Photographer Timothy Bouldry spent time at a massive landfill in Guwahati, India
About 100 families live inside the Boragaon landfill, but Bouldry said they are "content"
The greater adjutant stork is a majestic bird.
Standing about 5 feet tall with an average wingspan of 8 feet, it soars over the Boragaon landfill like a great protector. It knows the residents and shies away from strangers.
“They are intelligent birds. Every time I got close to them they would fly away,” photographer Timothy Bouldry said.
The dirty, wet conditions of the landfill attracted the endangered stork, and the stork attracted Bouldry. Through a series of photos taken within a day, he captures what it’s like to live inside one of the largest dumping grounds in India.
The Boragaon landfill is located in the city of Guwahati, about 300 miles from Bangladesh near the Bhutanese border. It’s 94 acres of mostly fresh waste, surrounded by swamplands. (Other landfills, Bouldry says, contain older, compacted trash.)
For the past seven years, Bouldry has traveled the world photographing landfills. He’s visited places such as Haiti, Venezuela and Colombia. The greater adjutant stork initially drew Bouldry to Boragaon, but he became connected with the people.
About 100 families live inside the Boragaon landfill. Every day, they search the area for treasure – a tiny scrap of metal, a bit of plastic, maybe a bone. They use large hooks to sort through the garbage, which sometimes reaches two or three stories high. They work in teams, and more than often they are barefoot.
“They don’t look at the things they’re doing as being unsanitary or unhealthy or unsafe,” Bouldry said.
They collect plastic, metal and wires and sell it by the pound. The families make around $2 per day.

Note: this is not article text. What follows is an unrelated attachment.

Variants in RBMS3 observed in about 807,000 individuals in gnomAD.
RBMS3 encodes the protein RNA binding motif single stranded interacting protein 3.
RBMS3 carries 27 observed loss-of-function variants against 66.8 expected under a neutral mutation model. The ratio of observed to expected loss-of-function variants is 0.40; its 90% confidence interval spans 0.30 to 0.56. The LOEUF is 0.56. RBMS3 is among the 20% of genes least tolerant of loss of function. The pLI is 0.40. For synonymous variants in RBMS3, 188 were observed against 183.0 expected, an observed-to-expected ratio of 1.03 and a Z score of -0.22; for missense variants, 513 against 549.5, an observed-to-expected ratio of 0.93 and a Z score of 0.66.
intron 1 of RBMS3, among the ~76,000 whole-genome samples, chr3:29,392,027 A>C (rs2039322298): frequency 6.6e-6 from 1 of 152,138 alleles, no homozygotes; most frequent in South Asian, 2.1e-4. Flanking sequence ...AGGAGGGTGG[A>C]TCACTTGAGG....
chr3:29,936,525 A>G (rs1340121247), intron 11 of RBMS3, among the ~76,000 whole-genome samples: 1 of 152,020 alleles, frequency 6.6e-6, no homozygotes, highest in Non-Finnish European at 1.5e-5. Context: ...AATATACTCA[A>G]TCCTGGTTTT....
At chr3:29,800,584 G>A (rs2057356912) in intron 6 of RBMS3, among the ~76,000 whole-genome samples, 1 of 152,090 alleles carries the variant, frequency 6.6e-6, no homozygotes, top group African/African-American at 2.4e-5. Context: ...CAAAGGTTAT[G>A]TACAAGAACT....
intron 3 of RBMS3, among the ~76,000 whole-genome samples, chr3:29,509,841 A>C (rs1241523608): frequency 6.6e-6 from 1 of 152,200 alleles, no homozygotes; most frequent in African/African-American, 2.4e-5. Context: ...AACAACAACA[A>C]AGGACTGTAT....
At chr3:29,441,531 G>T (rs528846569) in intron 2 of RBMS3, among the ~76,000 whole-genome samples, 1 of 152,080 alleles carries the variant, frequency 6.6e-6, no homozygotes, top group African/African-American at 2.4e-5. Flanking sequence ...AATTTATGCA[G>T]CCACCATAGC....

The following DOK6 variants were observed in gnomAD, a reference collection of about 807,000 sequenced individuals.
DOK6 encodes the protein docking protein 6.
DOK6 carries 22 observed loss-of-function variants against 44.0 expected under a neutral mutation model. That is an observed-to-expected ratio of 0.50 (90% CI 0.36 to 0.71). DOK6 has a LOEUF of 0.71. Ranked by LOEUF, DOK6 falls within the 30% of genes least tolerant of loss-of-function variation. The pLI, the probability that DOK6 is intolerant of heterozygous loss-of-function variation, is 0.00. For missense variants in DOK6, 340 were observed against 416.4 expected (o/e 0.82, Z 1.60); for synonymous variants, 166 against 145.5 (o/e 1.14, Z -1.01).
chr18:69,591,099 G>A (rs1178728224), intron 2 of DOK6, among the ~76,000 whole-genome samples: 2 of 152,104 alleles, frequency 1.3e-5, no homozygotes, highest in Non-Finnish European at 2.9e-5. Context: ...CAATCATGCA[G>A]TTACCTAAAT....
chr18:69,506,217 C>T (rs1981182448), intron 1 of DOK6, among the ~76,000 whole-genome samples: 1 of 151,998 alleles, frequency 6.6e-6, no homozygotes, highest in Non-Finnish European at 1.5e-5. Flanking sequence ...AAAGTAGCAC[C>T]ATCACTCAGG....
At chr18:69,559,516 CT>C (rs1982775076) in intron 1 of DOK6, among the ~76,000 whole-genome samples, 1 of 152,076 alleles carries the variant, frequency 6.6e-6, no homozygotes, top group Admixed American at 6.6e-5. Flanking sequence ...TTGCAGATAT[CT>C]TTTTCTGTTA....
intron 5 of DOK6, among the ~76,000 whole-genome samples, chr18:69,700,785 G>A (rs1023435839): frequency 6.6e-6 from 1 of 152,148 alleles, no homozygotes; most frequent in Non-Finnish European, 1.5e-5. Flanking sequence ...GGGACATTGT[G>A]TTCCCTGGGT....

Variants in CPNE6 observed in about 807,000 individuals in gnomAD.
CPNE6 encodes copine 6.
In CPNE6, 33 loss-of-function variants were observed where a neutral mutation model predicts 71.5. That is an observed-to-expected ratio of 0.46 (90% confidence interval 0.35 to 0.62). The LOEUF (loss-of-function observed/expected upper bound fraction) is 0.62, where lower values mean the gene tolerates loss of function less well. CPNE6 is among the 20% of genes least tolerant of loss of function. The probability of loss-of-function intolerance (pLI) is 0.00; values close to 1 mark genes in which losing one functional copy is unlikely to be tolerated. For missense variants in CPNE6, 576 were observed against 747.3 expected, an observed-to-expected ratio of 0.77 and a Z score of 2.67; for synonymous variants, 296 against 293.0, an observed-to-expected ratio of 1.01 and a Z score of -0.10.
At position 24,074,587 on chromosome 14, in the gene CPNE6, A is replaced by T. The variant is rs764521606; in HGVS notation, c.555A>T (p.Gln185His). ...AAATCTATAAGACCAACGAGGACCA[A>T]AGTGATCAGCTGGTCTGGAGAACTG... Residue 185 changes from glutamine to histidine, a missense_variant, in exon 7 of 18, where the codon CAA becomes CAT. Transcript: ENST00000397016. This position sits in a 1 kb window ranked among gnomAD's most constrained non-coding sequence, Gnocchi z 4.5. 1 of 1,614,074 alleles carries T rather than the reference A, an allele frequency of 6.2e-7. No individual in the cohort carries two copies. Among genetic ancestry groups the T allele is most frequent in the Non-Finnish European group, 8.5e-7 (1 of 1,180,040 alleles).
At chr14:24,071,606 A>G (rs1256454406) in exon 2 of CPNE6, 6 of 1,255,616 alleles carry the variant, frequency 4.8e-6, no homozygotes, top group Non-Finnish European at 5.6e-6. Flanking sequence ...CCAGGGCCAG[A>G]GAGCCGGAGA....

Their homes are constructed by recycled materials, with sometimes several families living in one shanty at a time. With no electricity, no running water – and an overabundance of trash – they are experts at repurposing.
“You might see a refrigerator being used as a closet,” he said.
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Some of the children living in Boragaon go to school on scholarship, but most of them work in the landfill to provide for their families.
But don’t be deceived: The people living here feel anything but destitute. Bouldry uses words such as “love,” “hope” and “spirituality” to describe them.
“I found that the landfill community is content,” Bouldry said. “They are not jaded by modern civilization.”
Bouldry lives and works inside the La Chureca landfill in Nicaragua, one of the largest landfills in the world. He helps the people living there grow gardens fertilized with compost he makes with organic waste from local smoothie shops. In addition to his photography, he teaches English and yoga classes a few times per week.
But why? Bouldry went to art school in Boston. He’s no stranger to sophisticated civilization.
He said he found humanitarian photo projects to be the most fulfilling, and he became especially intrigued by landfills even though they are “scary, dirty and kind of grotesque.”
“This is my ‘thank you’ to the informal recyclers of the world,” he said.